HashiCorp has added a cloud command line tool to the lastest v2.2 release of Vagrant, smoothing the integration of local installations with the cloud version of the project for building and distributing development environments.
In earlier versions, interaction with the Vagrant Cloud was only possible via the browser or HTTP. Once updated however, command line users have a new cloud command available to them, which should help to manage cloud related matters such as authorisation and lifecycle operations.
An example of the latter is the publication of new boxes on Vagrant Cloud: in this scenario calling cloud publish will lead the user through the process of creating and uploading a box entry and confirm details before making it available. A search subcommand with a variety of filters can help in finding boxes for specific jobs.
Another new command comes in the shape of upload, which gives users the option of uploading files or directories from the host unto a running guest. Those working with large directories might be happy to read that the command also supports steps for the compression of content on the host and automatic decompression on the guest and ways to reduce the number of uploaded items.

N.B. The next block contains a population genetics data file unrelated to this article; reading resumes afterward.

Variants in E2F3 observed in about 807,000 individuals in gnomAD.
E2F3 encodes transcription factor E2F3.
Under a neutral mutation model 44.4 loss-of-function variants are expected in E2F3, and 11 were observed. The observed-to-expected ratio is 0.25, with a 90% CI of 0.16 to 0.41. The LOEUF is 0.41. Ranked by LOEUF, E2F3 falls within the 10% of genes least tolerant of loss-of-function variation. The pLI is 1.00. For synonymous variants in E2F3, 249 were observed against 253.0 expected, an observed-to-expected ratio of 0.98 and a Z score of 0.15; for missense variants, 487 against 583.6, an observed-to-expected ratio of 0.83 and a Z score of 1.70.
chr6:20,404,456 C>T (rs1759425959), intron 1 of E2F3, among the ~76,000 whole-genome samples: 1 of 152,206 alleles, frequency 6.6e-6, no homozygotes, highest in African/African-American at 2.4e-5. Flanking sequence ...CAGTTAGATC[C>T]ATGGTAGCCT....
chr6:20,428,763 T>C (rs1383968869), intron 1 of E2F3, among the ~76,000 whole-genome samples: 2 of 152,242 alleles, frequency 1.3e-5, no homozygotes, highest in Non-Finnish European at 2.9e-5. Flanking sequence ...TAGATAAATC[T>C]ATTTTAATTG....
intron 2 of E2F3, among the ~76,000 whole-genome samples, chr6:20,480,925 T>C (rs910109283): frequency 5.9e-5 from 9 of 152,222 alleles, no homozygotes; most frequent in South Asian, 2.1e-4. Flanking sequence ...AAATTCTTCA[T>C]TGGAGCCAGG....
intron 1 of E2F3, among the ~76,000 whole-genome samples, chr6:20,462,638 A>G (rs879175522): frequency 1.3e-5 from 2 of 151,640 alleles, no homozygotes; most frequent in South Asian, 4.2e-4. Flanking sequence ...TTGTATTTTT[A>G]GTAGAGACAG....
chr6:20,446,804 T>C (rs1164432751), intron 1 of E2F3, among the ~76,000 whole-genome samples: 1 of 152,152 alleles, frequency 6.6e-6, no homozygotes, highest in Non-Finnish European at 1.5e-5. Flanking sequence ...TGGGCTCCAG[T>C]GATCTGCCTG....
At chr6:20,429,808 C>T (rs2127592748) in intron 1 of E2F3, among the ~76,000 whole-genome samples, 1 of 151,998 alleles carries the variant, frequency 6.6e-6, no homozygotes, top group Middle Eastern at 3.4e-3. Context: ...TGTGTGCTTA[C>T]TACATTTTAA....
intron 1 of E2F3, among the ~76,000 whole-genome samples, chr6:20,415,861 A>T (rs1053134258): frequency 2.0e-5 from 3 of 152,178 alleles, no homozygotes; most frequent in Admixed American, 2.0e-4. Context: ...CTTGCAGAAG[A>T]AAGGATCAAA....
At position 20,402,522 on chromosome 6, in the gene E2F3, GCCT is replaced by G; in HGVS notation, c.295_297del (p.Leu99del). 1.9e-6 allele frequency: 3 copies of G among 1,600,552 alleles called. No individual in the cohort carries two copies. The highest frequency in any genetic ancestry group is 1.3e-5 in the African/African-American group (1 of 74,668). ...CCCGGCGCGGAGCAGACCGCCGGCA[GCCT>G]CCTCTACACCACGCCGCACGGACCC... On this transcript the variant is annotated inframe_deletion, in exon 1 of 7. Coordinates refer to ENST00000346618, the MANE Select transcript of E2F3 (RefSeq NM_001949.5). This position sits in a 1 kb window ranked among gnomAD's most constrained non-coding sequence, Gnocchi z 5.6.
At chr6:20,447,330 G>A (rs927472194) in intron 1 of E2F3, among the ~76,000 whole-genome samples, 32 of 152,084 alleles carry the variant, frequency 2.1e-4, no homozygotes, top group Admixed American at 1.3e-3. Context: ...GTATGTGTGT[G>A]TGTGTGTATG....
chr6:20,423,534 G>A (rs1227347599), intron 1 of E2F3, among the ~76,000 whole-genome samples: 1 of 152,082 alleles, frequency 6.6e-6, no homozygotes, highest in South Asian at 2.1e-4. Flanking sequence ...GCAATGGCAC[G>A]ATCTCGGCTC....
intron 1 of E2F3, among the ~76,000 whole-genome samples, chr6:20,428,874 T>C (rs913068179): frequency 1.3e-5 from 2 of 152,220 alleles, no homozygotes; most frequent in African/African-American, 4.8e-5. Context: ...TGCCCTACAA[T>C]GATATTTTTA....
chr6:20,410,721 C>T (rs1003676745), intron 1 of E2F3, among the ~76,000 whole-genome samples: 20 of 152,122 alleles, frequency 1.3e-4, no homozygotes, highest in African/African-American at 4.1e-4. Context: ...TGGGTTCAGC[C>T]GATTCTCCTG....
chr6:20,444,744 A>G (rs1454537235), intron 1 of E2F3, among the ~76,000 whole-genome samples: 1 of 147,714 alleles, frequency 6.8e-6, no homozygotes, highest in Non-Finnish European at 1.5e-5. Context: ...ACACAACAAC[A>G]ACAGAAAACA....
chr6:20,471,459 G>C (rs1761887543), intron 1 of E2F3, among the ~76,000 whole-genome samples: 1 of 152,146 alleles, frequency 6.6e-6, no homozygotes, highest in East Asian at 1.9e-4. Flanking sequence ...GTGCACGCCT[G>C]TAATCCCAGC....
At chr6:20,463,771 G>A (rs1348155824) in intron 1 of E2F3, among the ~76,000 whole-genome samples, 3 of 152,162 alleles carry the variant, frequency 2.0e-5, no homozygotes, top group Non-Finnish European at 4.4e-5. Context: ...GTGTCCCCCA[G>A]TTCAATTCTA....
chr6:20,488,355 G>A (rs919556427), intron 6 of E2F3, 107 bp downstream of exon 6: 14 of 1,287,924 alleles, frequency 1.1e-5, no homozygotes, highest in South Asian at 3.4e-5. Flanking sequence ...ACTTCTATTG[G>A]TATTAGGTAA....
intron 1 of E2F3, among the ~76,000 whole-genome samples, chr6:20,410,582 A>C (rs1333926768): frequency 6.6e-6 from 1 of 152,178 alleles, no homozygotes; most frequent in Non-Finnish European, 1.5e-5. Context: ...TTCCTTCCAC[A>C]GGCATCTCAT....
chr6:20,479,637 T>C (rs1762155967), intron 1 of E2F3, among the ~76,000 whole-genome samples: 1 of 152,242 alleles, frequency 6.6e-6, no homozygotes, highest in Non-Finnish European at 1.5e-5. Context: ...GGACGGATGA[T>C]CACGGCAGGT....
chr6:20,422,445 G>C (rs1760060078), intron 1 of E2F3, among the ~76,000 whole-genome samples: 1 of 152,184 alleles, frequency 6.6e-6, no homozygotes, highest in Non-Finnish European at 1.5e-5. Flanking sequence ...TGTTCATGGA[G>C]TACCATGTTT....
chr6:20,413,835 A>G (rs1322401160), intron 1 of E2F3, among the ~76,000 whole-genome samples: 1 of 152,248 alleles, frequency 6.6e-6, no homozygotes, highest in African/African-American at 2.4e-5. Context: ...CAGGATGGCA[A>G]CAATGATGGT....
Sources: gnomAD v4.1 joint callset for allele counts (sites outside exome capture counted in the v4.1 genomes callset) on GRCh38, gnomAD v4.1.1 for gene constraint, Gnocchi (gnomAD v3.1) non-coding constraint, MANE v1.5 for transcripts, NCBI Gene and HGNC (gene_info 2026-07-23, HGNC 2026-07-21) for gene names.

Windows support and handling plugins
To make Windows users feel more included, Vagrant 2.2 is the first version to contain a command winrm for executing guest commands via the Windows Remote Management WinRM. The corresponding configuration can be provided with the specially added winrm-config.
If a project requires specific plugins, these can now be defined as strings, arrays and hashes – which support setting a few more options – in the vagrantfile. That way Vagrant will be able to attempt to automatical instal them in a local project if they aren’t already available.
Smaller improvements in the current version include a configuration option which lets Vagrant ignore vagrantfiles inside a box, and an abort option for core triggers. The complete list can be found on GitHub.
Vagrant is meant to help users building and distributing development environments. It’s open source and protected under the MIT License. Commercial support is purchasable via maintainer HashiCorp with pricing available on request.